No Track? No Problem for Georgetown Day School

The Georgetown Day School boys cross country team celebrates its 2013 DC state championship. Photo: Roger Colaizzi
The Georgetown Day School boys cross country team celebrates its 2013 DC state championship. Photo: Roger Colaizzi

When Anthony Belber was brought on as an assistant track coach at the Georgetown Day School 17 years ago, the GDS Hoppers could hardly fill a school bus.

“The first year I coached, we only had four girls and 10 to 12 boys in cross country,” he recalled.

But fast forward 17 years later, and the team can now fill multiple school buses as well as trophy boxes. In addition to winning numerous state and conference championships, the team has also won the D.C./Maryland Private School Championships.

Belber attributes most of their success over the years to the team’s participation numbers — which has risen to 80 athletes in cross-country and more than 90 in track in a school that has only 450 in its total student body.

“The biggest change over the years has been our numbers.” Belber said. “It’s always been about getting kids to participate — that’s the key. Even though we’re very much enjoying the success at the top, it’s still about everybody wanting to be part of the program. Not only do I enjoy coaching everybody, but I think when everybody is working hard at every level, you get better results at the conference championships.”

Belber noted that he personally experienced programs that were welcoming to athletes of all levels and abilities and saw the value of coaching the complete child and not treating the athletes as “one-dimensional runners.”

“I liked that it had a struggling athletic program,” Belber says. “I admit I dreamed that someday I could turn it into a running powerhouse like St. Albans or Haverford.  The goal then and now, though, is to expose kids to the joys of running and help them recognize the lessons they learn in the sport carry over to every other facet of their lives.”

Though the team has seen a tremendous amount of success throughout the years, Belber said funding for the program hasn’t increased much and the team is still without a track.

“We do most of our training on the streets of D.C.,” Belber says. “We find some trails to run in Rock Creek Park and things like that. But we have to rent the American University track a few times a week so we’re limited to the days that their team isn’t using it.”

But that hasn’t stopped the team from top performances in track, either. The boys’ track team has taken home four conference championship titles. Belber said his assistant track coaches played a large part in their success.  Sprinting coach William Miezan competed in the 1996 Olympic Games in Atlanta as a sprinter on the 4x100m relay team for Cote D’Ivoire.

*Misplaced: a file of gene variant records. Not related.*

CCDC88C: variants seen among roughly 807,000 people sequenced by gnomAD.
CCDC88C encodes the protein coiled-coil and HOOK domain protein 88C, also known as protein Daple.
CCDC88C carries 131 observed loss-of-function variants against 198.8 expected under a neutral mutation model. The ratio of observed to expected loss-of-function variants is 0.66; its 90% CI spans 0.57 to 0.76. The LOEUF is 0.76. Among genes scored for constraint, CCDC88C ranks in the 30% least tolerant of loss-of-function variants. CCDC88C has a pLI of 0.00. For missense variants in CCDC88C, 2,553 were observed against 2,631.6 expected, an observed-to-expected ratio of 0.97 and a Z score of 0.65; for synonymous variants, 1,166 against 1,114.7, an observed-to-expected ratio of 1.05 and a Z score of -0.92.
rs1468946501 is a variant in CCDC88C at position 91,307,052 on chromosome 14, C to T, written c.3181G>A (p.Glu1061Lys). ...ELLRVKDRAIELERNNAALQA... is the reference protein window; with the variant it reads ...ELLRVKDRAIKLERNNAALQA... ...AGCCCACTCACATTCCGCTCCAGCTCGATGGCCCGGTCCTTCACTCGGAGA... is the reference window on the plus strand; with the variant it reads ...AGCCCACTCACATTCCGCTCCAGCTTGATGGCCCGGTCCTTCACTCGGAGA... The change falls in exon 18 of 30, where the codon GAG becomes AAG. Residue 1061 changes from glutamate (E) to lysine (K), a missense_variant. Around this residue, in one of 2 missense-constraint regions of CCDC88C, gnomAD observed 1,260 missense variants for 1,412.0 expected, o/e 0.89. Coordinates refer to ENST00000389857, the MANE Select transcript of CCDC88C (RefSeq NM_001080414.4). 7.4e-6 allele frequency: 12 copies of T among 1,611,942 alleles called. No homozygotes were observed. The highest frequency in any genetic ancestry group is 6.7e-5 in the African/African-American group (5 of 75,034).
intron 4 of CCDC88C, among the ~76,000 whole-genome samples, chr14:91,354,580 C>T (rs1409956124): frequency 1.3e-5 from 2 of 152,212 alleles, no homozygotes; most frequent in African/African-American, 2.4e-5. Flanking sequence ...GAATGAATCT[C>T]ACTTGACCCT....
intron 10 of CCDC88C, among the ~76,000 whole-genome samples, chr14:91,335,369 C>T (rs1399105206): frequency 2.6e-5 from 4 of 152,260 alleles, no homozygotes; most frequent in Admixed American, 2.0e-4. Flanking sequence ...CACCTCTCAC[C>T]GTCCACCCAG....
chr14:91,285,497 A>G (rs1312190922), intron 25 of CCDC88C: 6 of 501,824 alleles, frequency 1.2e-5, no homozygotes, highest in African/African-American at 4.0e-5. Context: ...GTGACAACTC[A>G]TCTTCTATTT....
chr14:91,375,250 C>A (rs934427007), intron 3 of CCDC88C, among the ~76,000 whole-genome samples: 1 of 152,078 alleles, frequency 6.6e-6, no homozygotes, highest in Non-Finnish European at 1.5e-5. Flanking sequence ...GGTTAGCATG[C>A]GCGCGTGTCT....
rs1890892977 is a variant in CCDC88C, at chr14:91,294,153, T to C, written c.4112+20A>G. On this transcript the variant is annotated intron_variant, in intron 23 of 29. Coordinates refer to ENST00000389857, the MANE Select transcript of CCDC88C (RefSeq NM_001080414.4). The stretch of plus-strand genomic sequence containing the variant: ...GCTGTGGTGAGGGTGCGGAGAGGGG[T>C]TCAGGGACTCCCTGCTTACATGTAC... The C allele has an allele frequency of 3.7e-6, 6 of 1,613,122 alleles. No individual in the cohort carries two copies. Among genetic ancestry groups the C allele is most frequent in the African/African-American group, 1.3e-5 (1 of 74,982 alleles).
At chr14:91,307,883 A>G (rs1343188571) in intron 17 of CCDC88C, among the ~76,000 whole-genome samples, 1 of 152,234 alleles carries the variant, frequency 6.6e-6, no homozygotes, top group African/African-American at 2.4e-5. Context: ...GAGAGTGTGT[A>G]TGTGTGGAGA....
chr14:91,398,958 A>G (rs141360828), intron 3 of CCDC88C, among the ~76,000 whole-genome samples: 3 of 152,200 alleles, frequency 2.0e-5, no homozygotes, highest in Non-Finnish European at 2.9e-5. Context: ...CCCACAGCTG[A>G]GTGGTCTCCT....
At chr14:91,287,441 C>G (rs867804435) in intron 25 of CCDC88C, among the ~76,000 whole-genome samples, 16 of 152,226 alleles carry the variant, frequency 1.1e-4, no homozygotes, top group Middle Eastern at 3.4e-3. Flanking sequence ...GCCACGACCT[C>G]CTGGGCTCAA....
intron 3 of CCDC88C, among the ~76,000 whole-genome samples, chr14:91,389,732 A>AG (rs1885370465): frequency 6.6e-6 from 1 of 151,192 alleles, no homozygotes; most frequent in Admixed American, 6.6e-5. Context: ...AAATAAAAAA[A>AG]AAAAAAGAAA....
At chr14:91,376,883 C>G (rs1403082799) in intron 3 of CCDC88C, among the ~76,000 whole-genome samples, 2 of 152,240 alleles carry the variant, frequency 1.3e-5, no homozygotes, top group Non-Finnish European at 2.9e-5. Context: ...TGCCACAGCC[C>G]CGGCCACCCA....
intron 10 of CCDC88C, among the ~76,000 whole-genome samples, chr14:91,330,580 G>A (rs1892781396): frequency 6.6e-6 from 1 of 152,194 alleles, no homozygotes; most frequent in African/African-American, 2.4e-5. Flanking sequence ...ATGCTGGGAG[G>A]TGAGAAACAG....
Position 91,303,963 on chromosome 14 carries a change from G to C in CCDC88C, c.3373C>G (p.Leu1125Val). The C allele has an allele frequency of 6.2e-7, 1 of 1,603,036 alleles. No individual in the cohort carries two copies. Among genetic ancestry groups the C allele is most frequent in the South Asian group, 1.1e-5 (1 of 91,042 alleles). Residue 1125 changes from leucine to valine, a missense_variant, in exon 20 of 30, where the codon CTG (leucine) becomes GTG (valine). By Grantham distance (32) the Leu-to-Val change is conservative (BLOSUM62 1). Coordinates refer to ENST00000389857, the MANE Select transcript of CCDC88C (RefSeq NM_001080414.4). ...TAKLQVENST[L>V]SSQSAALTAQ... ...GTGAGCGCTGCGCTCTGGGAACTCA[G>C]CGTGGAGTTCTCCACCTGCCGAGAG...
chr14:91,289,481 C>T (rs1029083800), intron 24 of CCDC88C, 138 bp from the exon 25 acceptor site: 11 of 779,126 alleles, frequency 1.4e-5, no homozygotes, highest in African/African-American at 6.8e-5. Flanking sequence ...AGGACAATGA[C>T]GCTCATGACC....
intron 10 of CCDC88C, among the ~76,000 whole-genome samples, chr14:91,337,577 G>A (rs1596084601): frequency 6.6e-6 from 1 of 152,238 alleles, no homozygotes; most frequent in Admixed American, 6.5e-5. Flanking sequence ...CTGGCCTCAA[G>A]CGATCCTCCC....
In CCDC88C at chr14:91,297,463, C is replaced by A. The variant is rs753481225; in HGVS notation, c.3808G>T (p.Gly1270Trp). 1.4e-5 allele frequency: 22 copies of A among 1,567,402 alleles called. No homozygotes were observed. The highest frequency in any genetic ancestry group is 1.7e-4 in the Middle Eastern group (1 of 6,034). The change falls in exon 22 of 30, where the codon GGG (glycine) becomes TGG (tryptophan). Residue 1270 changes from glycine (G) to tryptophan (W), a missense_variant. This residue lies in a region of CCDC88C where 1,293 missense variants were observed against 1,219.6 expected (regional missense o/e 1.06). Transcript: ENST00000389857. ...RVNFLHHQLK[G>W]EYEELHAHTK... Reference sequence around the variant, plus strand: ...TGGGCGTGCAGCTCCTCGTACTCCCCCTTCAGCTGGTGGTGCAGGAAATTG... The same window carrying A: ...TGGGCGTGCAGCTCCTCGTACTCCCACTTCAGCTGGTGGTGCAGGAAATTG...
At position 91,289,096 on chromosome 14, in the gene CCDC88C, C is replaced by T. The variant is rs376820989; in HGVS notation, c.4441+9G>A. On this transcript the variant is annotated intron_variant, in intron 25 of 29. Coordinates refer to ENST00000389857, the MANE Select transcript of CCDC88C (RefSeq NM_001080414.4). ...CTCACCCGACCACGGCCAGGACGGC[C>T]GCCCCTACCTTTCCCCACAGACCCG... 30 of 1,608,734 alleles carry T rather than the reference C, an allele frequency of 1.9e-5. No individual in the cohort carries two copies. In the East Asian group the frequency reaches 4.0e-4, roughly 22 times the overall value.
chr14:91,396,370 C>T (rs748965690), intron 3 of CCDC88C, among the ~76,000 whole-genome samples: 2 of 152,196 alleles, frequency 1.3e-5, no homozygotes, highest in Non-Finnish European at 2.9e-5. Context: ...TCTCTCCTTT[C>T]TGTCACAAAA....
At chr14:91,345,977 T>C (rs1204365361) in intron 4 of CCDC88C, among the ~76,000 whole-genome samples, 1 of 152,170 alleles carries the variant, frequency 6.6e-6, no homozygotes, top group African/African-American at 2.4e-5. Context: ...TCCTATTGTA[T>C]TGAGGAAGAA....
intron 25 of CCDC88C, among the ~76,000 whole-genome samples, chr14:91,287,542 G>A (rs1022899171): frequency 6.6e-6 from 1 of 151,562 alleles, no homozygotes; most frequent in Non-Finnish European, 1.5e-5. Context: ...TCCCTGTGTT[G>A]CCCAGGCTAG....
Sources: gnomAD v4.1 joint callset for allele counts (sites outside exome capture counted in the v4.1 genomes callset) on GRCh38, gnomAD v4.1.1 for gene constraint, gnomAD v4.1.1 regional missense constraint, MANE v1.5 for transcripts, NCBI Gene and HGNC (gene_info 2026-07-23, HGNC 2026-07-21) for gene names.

“Without a doubt, our team would not be where it is today were it not for the coaching our sprinters, jumpers, and hurdlers have been receiving from him for the past 13 years,” Belber said.

GDS also added another assistant track coach, Brian Bobo, who has been with the program for a dozen years and is the reason they’ve sent two triple jumpers to Division I programs despite having no jumping facility of their own.

Belber also attributes the team’s success to backing off in mileage and workouts.

“If anything in the last four years, we’ve backed off the number of workouts we do instead of trying to squeeze two hard workouts in a week in addition to a meet,” Belber said. “Year-round, we do one hard workout a week and one meet a week. I think that recovery time is a huge part of our success. Even our top boys are probably doing mid-30 (miles per week) throughout the season. And our girls do a little less.”

Although Belber attributes all the teams’ success to his assistant coaches, cutting mileage and rising participation numbers, his former athletes say that’s just part of it. Ben Stern, a GDS alumnus who was a junior when Belber first started coaching, said most of the success should be credited toward Belber.

“As soon as Belber came on as coach, I saw dramatic improvements,” Stern said.

When Stern went off to Princeton and later Oregon, his little brother Alex followed him through GDS. He was worried that Belber might base his expectations based on his brother’s career,said the complete opposite happened.

“His tireless dedication to the program and individualized attention to every athlete is why the team has seen such dramatic improvements,” Alex said. “He never treated me as ‘Ben’s little brother.’ He treated me as Alex.”

Alex added that Belber’s coaching style and techniques have stayed with him since high school — particularly keeping a cool and calm approach to everything in life.

In addition to the numerous championship titles Belber can be credited for, he was also a finalist in the 2014 Brooks Running Inspiring Coach of the Year. It’s no wonder 10 different alumni have come back as assistants, which Belber said was also key the team’s success over the last decade.

The alumni have kept an active Facebook page, and according to Belber, “are more tightly bonded than any other alumni faction within the school community.”

Belber saw firsthand how bonded the community has become after a former runner passed away.

“The way these runners and alumni came together… it meant a lot to me as a coach,” Belber said. “I love the fact that a lot of our running alumni stay involved. When we go to big meets, the local alumni will cheer and so even though we feel like the rest of the school may not understand or appreciate what the runners are doing, we still feel a big sense of community.”



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